Daniella Potter
3 minute read
25 Nov 2016
11:05 am

Walk to mobilise against the rising tide of violence against women and children

Daniella Potter

While a carnival atmosphere will take shape in Fourways on Saturday, the Sisters with Blister's protest walk will address the harsh realities of women and child abuse.

Brightly dressed participants of a previous Sisters with Blisters walk. Picture: Fourways Review.

South Africa has one of the highest rates of violence against women in the world, according to Sisters with Blisters, and in a bid to highlight this social tragedy, thousands of feet are expected to pound the pavement in a 5km protest walk in Fourways on Saturday.

This is in the 11th annual 1st for Women Sisters with Blisters protest walk with Jacaranda FM to raise awareness of women and child abuse, which comes as the world marks 16 Days of Activism against Gender-Based Violence Campaign from November 25 to December 10.

ALSO READ: A walk to raise awareness for victims and survivors of abuse

Casey Rousseau, spokesperson for 1st for Women Insurance and the 1st for Women Foundation, believes that more can and must be done to highlight the injustice. “Too many survivors continue to suffer in silence, and it’s our joint responsibility to do whatever possible to change this,” said Rousseau.

This sentiment was echoed by Dr Winnie Martins of the Centre for Community Justice and Development (CCJD), one of the two beneficiaries of this year’s walk which provides access to justice and social services to communities through its 16 Victim Support offices.

Martins said: “In this way, rural communities are provided with assistance and empowered to know that their situations can be remedied.”

Martins explained one of the biggest challenges of the incidence of domestic violence was that so much of it remained hidden. “There are many reasons for this silence, including shame, stigma, repercussions of reporting or going public prevents many victims from speaking up and accessing justice. The only way to combat this silence is to bring it out in to the open and for growing discussions to begin to take place in the wider society,” said Martins.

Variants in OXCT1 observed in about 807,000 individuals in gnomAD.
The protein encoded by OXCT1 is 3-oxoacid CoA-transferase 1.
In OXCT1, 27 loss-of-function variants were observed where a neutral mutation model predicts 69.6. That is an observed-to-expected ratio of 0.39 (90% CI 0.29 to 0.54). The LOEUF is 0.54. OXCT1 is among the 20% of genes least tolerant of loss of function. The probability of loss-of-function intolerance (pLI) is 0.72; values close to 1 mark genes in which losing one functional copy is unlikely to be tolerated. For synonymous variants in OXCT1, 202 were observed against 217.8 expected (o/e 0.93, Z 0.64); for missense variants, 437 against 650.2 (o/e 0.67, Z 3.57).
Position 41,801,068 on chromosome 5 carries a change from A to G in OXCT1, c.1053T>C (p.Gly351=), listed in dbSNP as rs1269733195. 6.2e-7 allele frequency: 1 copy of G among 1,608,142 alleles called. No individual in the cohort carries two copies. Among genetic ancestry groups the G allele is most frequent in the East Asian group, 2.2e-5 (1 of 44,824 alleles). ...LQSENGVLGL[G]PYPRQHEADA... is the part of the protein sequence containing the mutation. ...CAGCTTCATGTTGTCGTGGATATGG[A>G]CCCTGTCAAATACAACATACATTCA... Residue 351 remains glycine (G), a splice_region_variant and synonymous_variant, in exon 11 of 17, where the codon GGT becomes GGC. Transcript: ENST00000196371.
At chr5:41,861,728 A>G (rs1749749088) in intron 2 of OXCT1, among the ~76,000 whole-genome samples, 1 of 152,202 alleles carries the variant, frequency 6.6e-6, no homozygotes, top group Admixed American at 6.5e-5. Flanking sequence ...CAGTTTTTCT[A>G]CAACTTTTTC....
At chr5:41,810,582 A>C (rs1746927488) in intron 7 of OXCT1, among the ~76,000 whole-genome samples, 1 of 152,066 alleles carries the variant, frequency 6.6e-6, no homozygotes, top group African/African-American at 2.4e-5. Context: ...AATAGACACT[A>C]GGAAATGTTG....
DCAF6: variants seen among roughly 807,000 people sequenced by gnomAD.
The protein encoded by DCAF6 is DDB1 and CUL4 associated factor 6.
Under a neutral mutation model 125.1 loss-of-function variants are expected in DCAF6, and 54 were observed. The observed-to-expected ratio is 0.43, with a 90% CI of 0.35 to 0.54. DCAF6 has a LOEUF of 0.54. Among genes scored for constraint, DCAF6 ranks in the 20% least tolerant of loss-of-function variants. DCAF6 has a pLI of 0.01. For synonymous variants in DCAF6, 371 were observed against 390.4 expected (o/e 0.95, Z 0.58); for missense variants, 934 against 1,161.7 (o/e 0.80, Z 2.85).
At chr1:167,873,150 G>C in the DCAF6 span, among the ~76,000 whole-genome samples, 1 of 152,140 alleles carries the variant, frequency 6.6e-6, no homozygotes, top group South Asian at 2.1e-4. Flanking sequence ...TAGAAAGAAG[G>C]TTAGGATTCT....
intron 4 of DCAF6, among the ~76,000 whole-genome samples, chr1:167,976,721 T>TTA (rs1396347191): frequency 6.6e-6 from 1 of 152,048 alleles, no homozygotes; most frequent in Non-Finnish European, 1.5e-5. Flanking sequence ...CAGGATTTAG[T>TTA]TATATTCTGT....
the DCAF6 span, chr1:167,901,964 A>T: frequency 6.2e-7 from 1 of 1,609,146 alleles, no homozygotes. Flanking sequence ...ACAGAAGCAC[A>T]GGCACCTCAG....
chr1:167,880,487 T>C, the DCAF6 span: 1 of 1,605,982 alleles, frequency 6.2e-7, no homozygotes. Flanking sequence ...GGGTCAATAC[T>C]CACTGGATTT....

The CCJD believes that attracting people to participate in the Sisters with Blisters walk increases awareness of the “growing social problem”. “By getting the attention of more and more people, there will be greater mobilisation against the rising tide of violence against women and children,” said Martins.

The view that the walk reached real people with real problems and allowed them to be heard is shared by the nonprofit organisation, Women and Men Against Child Abuse (WMACA) – which is the second beneficiary of the walk. The organisation’s executive director, Kevin Barbeau, emphasised the message that children must be seen, heard and believed.

“Child abuse in South Africa is definitely a major problem, just look at our country’s conviction rates of offenders, they are sitting at only 7%. Our courts need to start putting more effort in making the process more child-friendly, and harsher sentences are needed,” said Barbeau.

The organisation has a courtroom preparation programme to educate children on how to testify against perpetrators.

“We are only one organisation assisting victims of child abuse, and just at our clinics alone we assisted over 1 680 new cases in 2015,” said Barbeau.

Both organisations feel it is a privilege to be beneficiaries of the walk, and their members will be striding out to raise awareness. Members of the WMACA can be spotted wear red, black, feather boas, Mickey Mouse ears and funky glasses. Members of CCJD will hand out leaflets informing about the scourge of violence against women and children.

Caxton News Service